Magic Spell to Brighten Dingy Gray Writing

Writing from an adult state of mind often results in dingy gray writing that has all the appeal of instruction manuals for installing dishwashers. The roots of gray writing go all the way back to childhood. Remember when you first started coloring in a color book? The day you made the sky bright orange and scribbled the grass purple and put pink leaves on the tree? And your mother looked aghast at your proud efforts. “You know the sky is blue. Why did you make the grass purple?” And you knew failure.  Even if you don’t remember, your Inner Critic was born that day, and life became a little less fun. So here you are now, wanting with every fiber of your being to amaze your family and friends with wondrous webs of enchanting words, and you sit staring at blank paper with your solar plexus squooshing your guts up into the back of your throat and you think of orange skies and you can no more write brightly blossoming words than fly to the moon.
Maori boys jumping in riverReclaim your right to chose your own colors. Release your Wild Child, listen to your heart, then color and write on your own terms. That’s the only way to amaze anyone with wondrous writing.

If you dare to try something zany, here’s a special magic spell Sarabelle taught me for keeping Gretchen out of my way. To cast the spell, you’ll need a medium-sized glass jar or drinking glass, your favorite pen or pencil and plenty of unlined paper (best for writing outside the lines, which this spell is all about). Place the jar next to your paper and pen.
Now, sit comfortably in your chair, ready to write, and rest your write hand on your paper. Place your other hand over your solar plexus (the soft triangle where your ribs begin to spread apart). Press gently and notice any sensation of tension or tenderness there. Close your eyes and take a deep, slow breath, filling your lungs comfortably full. Concentrate on the feeling of your breath entering your body. Exhale gently, relaxing and feeling peaceful as the breath departs. Feel your solar plexus relax. Repeat six times, feeling more calm and relaxed each time.

On the seventh breath, fill your lungs completely. Raise your write hand and place it below your mouth in a cupped position. Push on your solar plexus with your other hand as you exhale forcefully, “blowing” the Inner Critic out into the palm of your waiting hand. Quickly close your hand and grasp the critic firmly to keep it from slipping away. Use your other hand to raise the glass jar to one side, and slip the critic underneath, quickly snapping the jar down to capture it inside. You may or may not be able to see it. That doesn’t matter. Know it’s in there, and promise to call it when you need it, but be firm in telling it to sit there quietly. Slide the jar to the back of the desk.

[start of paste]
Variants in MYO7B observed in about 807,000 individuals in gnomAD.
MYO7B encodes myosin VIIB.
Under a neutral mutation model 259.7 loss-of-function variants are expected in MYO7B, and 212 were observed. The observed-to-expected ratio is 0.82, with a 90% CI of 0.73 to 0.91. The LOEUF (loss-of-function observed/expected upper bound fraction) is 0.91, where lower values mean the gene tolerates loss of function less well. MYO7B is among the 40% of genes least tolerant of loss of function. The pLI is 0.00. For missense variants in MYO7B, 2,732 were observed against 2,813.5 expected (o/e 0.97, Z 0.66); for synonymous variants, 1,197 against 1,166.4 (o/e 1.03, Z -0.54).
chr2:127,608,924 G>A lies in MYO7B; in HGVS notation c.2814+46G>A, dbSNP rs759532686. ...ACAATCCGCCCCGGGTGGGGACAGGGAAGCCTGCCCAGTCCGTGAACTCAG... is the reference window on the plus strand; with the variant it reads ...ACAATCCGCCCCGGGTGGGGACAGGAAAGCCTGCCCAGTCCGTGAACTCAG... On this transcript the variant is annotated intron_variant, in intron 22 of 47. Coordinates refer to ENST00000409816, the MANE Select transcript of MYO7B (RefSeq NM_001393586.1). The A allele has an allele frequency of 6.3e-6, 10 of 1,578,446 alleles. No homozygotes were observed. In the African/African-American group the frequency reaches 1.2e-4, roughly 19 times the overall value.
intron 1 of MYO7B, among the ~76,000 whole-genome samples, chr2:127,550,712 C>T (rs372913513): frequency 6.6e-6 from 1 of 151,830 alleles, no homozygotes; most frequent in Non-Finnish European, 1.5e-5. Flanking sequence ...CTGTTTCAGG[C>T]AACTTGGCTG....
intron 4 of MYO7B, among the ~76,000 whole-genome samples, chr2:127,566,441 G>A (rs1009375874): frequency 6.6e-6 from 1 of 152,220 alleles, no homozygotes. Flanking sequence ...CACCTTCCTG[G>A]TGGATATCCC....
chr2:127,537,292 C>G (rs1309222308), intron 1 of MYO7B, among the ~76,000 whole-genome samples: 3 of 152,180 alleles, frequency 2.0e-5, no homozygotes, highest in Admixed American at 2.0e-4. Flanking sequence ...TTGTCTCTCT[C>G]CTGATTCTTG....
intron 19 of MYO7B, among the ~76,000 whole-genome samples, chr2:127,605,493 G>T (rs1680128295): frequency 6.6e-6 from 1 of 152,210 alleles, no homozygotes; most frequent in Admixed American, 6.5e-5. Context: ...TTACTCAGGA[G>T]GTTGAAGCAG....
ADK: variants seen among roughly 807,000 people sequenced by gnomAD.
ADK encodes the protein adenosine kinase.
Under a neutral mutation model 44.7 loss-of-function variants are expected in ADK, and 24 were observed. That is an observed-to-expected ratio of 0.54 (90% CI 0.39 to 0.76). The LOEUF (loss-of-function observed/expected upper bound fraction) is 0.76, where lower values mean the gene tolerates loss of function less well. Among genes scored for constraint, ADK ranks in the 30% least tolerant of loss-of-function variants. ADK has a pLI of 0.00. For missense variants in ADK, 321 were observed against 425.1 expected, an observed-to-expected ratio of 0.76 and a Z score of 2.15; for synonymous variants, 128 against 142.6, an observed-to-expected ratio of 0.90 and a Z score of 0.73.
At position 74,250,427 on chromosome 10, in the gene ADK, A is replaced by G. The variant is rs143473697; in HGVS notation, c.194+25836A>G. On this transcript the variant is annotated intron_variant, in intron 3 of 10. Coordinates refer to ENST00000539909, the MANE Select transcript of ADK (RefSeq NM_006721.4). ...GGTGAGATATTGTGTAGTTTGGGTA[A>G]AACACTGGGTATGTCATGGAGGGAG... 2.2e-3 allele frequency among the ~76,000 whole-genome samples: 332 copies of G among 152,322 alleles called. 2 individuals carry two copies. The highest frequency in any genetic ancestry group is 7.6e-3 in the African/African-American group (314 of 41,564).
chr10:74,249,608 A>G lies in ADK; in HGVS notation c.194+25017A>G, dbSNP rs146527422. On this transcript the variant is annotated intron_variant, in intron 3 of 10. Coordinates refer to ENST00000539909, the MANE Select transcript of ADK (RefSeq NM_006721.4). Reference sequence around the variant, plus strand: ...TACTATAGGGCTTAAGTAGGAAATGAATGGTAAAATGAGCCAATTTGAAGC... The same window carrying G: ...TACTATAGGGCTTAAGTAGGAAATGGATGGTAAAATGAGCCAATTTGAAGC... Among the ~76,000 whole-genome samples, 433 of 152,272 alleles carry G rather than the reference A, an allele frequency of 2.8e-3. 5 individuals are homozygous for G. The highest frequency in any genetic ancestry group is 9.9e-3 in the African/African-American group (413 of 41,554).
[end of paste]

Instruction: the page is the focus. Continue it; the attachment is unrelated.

You are now free to write all the
wondrous words you dream of.
To celebrate your freedom, pick up your pen and write a story about the most beautiful flower you’ve ever seen or can imagine. Write about seductive scents and ethereal lighting. Write about running around the yard blowing soap bubbles. Write about your favorite toys. Write about swinging clear up to the sky and digging to China in the sand. Write with joy and abandon and don’t worry at all what it sounds like.

Inner Critics often need lots of training before they'll stay put in their jar, but you can repeat this magic anytime yours gets loose and turns your writing dingy gray again.

Write now: about other joyous memories. Write about scary things as if you are a child telling your Grandma. Write a story about your IC. When did it appear? How does it influence you? What would you write if it were to disappear? Let your words whirl, soar and spin with joy and glee. Write like nobody is reading, and ... HAVE FUN playing with words!


Pat's Place said...

That was a MARVELOUS article today!! Hope you don't mind if I borrow it for my writing group this evening1 It is so playful, but SO important! I will LOVE seeing them respond to the glass jar idea. Will report later.

Ritergal said...

Pat, I'm flattered to be an unseen guest at your writing group tonight. Do let me know how it goes. I hadn't thought of doing this in a group. :-)